gms | German Medical Science

54. Jahrestagung der Norddeutschen Orthopädenvereinigung e. V.

Norddeutsche Orthopädenvereinigung

16.06. bis 18.06.2005, Hamburg

Conservative treatment of lumbar spinal stenosis with epidural catheter therapy

Meeting Abstract

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  • corresponding author J. Schilling - Eilbek General Hospital, Landesbetrieb Krankenhäuser Hamburg, Hamburg
  • D. Storm - Hamburg
  • E. Hille - Hamburg

Norddeutsche Orthopädenvereinigung. 54. Jahrestagung der Norddeutschen Orthopädenvereinigung e.V.. Hamburg, 16.-18.06.2005. Düsseldorf, Köln: German Medical Science; 2005. Doc05novP16

The electronic version of this article is the complete one and can be found online at:

Published: June 13, 2005

© 2005 Schilling et al.
This is an Open Access article distributed under the terms of the Creative Commons Attribution License ( You are free: to Share – to copy, distribute and transmit the work, provided the original author and source are credited.




One of the clinically most important degenerative spinal disorders in the aging population is lumbar spinal canal stenosis. Sufficient conservative treatment of spinal canal stenosis is necessary due to high overall risk of surgical intervention in elderly patients frequently presenting with co-morbidity. Up to date, conservative management consists of physiotherapy, oral medication such as non-steroidal-anti-inflammatories, prostaglandines, interleukines or calcitonin and intermittend epidural steroid injections. It is now consensus that enzymatic and neurochemical mediation is responsible for pain and inflammation in spinal canal stenosis.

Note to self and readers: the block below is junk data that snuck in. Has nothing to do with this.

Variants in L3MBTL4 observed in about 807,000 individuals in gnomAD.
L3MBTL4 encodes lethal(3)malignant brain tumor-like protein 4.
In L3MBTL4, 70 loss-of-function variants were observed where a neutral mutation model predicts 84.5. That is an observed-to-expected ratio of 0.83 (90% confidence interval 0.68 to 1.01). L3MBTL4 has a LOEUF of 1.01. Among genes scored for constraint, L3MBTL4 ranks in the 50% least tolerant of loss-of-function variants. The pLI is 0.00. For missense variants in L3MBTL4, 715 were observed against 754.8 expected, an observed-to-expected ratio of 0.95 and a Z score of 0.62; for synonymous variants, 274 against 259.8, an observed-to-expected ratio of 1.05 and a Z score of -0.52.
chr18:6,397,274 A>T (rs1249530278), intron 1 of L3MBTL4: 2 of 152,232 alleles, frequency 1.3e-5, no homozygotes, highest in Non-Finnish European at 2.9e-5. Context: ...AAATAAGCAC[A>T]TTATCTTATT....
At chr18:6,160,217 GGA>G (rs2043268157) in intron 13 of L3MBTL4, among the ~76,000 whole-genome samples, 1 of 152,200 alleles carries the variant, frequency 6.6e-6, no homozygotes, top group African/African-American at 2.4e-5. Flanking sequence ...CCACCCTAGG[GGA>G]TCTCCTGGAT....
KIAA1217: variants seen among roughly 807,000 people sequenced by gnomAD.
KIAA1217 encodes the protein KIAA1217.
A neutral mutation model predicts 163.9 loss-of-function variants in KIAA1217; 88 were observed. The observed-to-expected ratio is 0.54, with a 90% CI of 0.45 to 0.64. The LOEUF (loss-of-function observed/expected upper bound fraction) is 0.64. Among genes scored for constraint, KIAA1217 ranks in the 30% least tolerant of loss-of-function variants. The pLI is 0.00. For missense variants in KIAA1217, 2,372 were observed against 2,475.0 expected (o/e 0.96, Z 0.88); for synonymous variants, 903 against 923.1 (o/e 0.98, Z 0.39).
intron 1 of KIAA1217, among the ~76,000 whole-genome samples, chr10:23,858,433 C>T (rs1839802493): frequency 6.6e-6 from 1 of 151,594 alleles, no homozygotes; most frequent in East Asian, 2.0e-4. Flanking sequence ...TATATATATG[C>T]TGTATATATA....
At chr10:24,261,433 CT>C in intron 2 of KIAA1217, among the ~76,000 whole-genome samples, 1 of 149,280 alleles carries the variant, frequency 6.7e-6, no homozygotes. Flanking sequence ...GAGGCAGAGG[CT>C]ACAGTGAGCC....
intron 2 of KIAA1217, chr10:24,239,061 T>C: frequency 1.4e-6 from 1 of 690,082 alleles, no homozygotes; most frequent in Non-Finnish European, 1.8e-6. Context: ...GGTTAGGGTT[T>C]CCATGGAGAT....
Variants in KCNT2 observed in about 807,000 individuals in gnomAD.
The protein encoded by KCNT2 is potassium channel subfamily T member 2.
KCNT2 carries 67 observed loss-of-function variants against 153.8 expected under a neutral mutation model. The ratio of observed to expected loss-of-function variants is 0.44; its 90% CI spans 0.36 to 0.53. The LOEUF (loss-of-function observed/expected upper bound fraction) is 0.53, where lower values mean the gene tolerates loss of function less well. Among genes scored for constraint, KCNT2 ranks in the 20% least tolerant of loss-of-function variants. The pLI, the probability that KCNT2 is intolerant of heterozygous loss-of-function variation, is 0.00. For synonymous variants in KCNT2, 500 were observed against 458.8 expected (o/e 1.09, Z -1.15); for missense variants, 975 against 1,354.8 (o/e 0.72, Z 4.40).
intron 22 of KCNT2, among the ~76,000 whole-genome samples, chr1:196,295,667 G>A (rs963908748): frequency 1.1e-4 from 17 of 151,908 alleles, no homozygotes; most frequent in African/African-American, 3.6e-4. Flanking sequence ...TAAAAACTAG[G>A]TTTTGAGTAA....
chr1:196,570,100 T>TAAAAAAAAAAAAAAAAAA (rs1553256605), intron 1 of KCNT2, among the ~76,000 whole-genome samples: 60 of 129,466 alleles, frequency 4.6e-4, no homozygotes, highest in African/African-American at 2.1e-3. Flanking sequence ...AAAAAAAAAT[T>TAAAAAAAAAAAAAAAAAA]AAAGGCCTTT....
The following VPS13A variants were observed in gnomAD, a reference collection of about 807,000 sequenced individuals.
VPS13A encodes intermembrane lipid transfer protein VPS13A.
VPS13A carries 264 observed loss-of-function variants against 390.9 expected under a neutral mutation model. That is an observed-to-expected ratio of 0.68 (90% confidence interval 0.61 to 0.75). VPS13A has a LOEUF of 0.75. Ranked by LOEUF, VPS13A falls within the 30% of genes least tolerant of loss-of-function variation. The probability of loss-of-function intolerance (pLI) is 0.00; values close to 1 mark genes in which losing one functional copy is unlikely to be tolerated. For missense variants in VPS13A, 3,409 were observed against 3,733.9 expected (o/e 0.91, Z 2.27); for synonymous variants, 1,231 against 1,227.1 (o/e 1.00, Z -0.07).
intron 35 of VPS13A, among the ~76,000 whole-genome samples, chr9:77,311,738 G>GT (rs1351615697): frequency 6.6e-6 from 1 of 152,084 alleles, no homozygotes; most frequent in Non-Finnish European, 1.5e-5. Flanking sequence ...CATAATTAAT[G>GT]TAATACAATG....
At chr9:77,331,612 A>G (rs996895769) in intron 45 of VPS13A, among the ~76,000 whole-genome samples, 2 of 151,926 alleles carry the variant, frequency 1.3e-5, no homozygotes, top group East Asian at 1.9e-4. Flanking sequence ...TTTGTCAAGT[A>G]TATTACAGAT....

Recent studies suggest that permanent epidural steroid injections benefit lumbar stenosis. We analysed the short- and midterm outcome of conservative treatment of SCS with epidural anti-inflammatories administered via permanent epidural catheter.

Patients, Material and Method

40 Patients aged 60 to 88 years with diagnosed SCS following well established clinical and radiological criteria were included in this study. Daily treatment included the administration of a local anastaetic, an opioid and a steroid-injection for a duration of 4 to 10 days. Additionally, all patients underwent physiotherapy. The outcome after 6 to 12 month was evaluated using the Oswestry-Disability-Questionair (ODQ), visual analogue scale and walking distance before and after treatment.


Detailed data on clinical and radiological results of 40 patients followed up at least for 6 months will be presented.